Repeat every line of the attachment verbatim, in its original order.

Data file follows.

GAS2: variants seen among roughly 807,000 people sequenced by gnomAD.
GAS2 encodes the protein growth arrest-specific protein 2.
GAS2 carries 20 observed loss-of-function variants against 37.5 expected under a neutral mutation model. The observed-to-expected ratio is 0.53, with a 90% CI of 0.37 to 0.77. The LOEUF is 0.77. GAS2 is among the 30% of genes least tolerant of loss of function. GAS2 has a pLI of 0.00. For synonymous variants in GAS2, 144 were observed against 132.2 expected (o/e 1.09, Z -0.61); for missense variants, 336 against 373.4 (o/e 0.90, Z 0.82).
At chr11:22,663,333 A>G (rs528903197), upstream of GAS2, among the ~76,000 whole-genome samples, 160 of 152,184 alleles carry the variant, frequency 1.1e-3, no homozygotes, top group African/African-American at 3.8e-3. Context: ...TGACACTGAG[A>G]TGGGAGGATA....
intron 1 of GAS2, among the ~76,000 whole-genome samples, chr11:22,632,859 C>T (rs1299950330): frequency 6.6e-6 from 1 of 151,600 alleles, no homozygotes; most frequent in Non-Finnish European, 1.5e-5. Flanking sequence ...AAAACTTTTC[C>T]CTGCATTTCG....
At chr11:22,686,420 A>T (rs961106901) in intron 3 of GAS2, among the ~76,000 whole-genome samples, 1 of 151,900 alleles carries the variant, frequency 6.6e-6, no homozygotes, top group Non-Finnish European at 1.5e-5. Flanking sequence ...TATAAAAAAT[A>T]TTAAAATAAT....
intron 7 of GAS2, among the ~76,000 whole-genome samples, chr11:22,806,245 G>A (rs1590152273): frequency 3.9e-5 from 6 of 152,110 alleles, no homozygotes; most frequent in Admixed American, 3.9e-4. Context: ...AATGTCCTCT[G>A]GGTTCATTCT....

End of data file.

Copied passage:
GAS2: variants seen among roughly 807,000 people sequenced by gnomAD.
GAS2 encodes the protein growth arrest-specific protein 2.
GAS2 carries 20 observed loss-of-function variants against 37.5 expected under a neutral mutation model. The observed-to-expected ratio is 0.53, with a 90% CI of 0.37 to 0.77. The LOEUF is 0.77. GAS2 is among the 30% of genes least tolerant of loss of function. GAS2 has a pLI of 0.00. For synonymous variants in GAS2, 144 were observed against 132.2 expected (o/e 1.09, Z -0.61); for missense variants, 336 against 373.4 (o/e 0.90, Z 0.82).
At chr11:22,663,333 A>G (rs528903197), upstream of GAS2, among the ~76,000 whole-genome samples, 160 of 152,184 alleles carry the variant, frequency 1.1e-3, no homozygotes, top group African/African-American at 3.8e-3. Context: ...TGACACTGAG[A>G]TGGGAGGATA....
intron 1 of GAS2, among the ~76,000 whole-genome samples, chr11:22,632,859 C>T (rs1299950330): frequency 6.6e-6 from 1 of 151,600 alleles, no homozygotes; most frequent in Non-Finnish European, 1.5e-5. Flanking sequence ...AAAACTTTTC[C>T]CTGCATTTCG....
At chr11:22,686,420 A>T (rs961106901) in intron 3 of GAS2, among the ~76,000 whole-genome samples, 1 of 151,900 alleles carries the variant, frequency 6.6e-6, no homozygotes, top group Non-Finnish European at 1.5e-5. Flanking sequence ...TATAAAAAAT[A>T]TTAAAATAAT....
intron 7 of GAS2, among the ~76,000 whole-genome samples, chr11:22,806,245 G>A (rs1590152273): frequency 3.9e-5 from 6 of 152,110 alleles, no homozygotes; most frequent in Admixed American, 3.9e-4. Context: ...AATGTCCTCT[G>A]GGTTCATTCT....